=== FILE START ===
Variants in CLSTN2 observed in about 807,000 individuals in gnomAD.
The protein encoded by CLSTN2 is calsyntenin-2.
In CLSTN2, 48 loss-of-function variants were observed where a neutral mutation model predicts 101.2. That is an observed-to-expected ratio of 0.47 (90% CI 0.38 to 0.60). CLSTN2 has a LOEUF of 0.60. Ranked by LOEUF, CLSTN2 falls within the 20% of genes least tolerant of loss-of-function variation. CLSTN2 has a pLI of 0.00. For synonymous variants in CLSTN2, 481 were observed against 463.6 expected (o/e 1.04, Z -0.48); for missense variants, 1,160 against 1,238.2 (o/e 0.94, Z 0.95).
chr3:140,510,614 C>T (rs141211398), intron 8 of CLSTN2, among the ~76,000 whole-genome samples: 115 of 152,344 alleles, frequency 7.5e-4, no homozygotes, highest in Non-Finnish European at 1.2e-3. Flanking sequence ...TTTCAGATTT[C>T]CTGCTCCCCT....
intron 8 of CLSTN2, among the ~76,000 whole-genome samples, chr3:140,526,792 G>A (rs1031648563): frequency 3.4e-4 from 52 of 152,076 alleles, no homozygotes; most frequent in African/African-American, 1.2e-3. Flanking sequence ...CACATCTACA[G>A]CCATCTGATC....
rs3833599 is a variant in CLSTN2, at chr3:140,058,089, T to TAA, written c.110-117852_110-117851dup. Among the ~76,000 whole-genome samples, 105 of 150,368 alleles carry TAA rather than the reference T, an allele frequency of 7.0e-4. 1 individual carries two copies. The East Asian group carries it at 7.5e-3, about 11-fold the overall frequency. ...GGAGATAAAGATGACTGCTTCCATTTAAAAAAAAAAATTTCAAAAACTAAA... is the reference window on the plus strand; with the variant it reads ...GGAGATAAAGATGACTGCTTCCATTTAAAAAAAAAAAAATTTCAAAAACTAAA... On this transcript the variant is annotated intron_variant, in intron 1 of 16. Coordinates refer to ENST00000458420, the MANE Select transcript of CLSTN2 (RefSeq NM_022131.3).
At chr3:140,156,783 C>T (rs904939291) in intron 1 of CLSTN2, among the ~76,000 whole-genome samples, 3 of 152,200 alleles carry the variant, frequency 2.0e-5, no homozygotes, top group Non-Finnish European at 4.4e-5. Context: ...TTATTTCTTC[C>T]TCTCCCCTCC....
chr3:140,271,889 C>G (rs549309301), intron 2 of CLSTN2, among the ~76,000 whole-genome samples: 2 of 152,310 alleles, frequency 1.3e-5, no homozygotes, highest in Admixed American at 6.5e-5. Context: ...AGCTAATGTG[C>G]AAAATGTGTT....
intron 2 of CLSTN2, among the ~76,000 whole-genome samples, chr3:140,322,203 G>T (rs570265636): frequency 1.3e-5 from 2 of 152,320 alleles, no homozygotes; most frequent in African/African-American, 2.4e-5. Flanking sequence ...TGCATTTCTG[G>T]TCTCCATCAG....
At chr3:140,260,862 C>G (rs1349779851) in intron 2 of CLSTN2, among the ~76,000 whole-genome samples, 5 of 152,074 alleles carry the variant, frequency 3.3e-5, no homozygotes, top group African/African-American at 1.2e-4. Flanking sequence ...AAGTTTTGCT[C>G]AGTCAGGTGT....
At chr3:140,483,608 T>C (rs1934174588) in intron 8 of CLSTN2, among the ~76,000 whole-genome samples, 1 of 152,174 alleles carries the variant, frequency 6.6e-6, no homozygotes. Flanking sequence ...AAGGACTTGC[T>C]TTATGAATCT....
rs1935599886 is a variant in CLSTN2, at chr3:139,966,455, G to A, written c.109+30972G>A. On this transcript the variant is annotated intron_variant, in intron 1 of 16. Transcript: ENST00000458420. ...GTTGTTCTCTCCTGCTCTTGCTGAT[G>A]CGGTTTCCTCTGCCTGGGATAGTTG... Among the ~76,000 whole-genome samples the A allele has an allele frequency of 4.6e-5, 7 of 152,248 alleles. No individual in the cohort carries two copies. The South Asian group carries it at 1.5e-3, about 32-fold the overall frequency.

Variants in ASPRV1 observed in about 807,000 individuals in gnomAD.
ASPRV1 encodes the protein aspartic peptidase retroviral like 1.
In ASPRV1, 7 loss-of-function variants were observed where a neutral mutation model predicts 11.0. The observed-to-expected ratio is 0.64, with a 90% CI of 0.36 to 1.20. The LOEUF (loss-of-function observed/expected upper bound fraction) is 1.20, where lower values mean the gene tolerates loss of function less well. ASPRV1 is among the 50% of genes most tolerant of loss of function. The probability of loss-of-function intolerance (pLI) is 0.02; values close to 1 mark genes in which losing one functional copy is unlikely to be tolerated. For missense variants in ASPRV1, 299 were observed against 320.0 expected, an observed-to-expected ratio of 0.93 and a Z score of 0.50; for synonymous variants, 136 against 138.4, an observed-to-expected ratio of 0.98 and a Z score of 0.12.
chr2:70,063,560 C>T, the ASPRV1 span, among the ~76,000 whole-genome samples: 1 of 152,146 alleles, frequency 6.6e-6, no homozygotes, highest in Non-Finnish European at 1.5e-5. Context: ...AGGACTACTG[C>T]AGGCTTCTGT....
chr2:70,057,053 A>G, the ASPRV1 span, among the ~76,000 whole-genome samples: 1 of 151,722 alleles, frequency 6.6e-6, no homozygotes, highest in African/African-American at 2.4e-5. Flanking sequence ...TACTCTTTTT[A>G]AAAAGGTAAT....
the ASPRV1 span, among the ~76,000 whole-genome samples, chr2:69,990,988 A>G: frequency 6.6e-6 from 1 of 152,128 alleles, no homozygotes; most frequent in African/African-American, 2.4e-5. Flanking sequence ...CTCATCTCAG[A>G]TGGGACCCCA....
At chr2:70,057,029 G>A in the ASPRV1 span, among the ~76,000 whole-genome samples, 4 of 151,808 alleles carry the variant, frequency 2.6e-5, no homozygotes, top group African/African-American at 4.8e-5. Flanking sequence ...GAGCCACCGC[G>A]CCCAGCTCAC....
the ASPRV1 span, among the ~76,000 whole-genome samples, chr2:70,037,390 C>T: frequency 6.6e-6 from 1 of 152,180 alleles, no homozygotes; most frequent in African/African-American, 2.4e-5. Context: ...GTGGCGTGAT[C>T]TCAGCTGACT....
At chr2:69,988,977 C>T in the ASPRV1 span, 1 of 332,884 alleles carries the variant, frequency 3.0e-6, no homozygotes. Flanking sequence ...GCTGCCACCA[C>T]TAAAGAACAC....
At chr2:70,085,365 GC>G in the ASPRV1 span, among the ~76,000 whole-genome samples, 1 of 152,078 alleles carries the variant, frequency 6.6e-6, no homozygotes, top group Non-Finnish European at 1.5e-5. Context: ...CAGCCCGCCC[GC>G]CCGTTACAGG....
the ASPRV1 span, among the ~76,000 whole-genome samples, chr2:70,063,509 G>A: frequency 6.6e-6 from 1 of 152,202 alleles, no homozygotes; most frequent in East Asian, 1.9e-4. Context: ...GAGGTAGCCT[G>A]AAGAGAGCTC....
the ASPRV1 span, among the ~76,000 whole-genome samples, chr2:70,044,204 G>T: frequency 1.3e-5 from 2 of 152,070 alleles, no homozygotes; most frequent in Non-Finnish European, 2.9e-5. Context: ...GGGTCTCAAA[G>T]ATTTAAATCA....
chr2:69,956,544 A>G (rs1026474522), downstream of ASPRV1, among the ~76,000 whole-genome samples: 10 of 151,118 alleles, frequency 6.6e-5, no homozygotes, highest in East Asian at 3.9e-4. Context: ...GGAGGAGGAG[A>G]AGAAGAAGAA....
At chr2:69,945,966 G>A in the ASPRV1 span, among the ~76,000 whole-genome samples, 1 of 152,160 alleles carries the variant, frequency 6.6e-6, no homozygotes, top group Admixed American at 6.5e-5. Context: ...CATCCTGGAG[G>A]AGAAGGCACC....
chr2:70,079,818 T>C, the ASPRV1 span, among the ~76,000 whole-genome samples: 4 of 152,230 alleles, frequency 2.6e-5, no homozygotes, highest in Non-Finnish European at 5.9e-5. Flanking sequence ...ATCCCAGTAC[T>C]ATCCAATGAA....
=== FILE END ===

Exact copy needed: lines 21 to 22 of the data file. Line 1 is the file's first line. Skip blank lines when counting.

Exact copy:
At chr2:69,988,977 C>T in the ASPRV1 span, 1 of 332,884 alleles carries the variant, frequency 3.0e-6, no homozygotes. Flanking sequence ...GCTGCCACCA[C>T]TAAAGAACAC....
At chr2:70,085,365 GC>G in the ASPRV1 span, among the ~76,000 whole-genome samples, 1 of 152,078 alleles carries the variant, frequency 6.6e-6, no homozygotes, top group Non-Finnish European at 1.5e-5. Context: ...CAGCCCGCCC[GC>G]CCGTTACAGG....